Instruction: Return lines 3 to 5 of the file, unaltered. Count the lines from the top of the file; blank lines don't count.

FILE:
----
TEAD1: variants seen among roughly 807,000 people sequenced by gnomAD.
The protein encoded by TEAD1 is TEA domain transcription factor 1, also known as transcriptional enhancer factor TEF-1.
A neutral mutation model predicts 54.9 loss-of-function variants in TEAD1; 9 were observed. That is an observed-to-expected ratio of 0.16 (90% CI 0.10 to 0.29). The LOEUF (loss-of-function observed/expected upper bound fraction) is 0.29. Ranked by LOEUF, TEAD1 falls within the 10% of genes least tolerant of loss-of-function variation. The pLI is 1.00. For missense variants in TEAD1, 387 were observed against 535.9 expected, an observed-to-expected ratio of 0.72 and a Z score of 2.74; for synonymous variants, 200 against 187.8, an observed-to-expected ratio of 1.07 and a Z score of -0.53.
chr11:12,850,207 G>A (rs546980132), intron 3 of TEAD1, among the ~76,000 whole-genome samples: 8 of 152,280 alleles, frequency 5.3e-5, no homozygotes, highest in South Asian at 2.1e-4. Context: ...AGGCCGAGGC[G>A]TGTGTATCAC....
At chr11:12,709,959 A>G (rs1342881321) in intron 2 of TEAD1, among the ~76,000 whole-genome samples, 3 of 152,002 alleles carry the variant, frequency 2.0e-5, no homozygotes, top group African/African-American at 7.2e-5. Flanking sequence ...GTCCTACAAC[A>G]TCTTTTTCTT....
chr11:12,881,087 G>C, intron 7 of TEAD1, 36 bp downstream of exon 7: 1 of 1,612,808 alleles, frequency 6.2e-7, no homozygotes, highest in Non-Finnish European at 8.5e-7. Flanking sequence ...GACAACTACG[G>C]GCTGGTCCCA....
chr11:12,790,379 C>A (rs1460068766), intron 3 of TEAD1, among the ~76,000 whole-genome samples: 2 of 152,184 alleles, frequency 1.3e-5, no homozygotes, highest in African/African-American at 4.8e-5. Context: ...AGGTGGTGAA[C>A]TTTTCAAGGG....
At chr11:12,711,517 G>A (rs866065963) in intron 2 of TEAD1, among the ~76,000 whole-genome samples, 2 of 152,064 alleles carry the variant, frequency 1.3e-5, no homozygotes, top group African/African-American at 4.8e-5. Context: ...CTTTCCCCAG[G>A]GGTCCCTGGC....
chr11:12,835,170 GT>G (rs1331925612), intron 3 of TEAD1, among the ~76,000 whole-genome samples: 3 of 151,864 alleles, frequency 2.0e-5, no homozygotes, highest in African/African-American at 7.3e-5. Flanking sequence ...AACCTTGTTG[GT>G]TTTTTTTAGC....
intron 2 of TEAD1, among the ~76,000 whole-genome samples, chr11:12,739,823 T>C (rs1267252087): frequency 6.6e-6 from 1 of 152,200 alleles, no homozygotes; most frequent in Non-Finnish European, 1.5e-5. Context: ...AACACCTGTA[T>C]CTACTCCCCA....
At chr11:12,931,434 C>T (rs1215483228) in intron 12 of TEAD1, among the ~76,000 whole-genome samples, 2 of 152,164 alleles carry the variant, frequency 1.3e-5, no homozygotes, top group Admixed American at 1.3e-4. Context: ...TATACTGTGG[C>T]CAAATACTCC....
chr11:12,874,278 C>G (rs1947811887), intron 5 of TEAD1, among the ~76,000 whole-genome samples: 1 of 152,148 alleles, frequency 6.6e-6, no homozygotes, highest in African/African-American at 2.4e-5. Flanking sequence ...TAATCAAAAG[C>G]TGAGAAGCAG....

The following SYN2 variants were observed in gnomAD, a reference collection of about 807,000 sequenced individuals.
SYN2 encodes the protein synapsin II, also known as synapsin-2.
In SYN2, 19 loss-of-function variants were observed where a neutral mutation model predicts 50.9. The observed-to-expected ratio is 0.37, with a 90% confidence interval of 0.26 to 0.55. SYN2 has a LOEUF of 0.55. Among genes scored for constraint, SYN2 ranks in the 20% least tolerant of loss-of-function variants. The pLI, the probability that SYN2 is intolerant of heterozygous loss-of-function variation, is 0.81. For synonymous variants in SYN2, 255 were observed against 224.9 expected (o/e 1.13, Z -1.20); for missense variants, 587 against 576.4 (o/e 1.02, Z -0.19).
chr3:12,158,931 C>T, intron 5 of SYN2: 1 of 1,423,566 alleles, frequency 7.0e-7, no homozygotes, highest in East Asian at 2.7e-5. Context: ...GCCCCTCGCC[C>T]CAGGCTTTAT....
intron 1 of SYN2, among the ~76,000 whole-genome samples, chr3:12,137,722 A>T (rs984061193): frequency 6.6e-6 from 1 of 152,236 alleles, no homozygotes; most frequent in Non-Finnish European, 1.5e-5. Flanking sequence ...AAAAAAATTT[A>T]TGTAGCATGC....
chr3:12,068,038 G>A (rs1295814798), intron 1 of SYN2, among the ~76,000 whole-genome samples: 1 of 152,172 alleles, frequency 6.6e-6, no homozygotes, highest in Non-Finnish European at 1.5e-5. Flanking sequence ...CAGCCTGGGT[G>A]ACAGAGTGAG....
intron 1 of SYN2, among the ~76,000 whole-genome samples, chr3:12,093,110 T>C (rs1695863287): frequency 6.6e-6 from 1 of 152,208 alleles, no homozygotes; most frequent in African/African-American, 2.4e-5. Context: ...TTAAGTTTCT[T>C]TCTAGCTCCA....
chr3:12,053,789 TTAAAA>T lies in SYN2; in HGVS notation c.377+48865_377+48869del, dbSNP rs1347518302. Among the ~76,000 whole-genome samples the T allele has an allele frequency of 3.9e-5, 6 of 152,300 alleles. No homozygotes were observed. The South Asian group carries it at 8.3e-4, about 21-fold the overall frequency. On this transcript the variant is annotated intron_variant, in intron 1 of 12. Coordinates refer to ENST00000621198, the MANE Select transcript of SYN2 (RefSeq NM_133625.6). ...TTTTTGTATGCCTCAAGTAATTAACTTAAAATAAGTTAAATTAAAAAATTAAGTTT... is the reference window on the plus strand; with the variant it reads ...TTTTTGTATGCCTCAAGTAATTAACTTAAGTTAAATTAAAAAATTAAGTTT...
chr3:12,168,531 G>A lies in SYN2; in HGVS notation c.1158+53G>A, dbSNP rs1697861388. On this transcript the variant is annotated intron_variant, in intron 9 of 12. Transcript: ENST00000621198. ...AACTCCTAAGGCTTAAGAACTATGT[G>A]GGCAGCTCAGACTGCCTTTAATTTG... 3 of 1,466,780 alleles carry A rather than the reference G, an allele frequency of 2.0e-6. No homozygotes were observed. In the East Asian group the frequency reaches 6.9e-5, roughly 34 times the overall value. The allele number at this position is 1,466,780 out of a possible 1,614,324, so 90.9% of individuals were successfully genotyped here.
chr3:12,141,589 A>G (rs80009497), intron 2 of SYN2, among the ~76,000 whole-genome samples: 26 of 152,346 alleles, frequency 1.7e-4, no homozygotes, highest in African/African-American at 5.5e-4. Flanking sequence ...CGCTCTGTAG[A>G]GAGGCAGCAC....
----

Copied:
A neutral mutation model predicts 54.9 loss-of-function variants in TEAD1; 9 were observed. That is an observed-to-expected ratio of 0.16 (90% CI 0.10 to 0.29). The LOEUF (loss-of-function observed/expected upper bound fraction) is 0.29. Ranked by LOEUF, TEAD1 falls within the 10% of genes least tolerant of loss-of-function variation. The pLI is 1.00. For missense variants in TEAD1, 387 were observed against 535.9 expected, an observed-to-expected ratio of 0.72 and a Z score of 2.74; for synonymous variants, 200 against 187.8, an observed-to-expected ratio of 1.07 and a Z score of -0.53.
chr11:12,850,207 G>A (rs546980132), intron 3 of TEAD1, among the ~76,000 whole-genome samples: 8 of 152,280 alleles, frequency 5.3e-5, no homozygotes, highest in South Asian at 2.1e-4. Context: ...AGGCCGAGGC[G>A]TGTGTATCAC....
At chr11:12,709,959 A>G (rs1342881321) in intron 2 of TEAD1, among the ~76,000 whole-genome samples, 3 of 152,002 alleles carry the variant, frequency 2.0e-5, no homozygotes, top group African/African-American at 7.2e-5. Flanking sequence ...GTCCTACAAC[A>G]TCTTTTTCTT....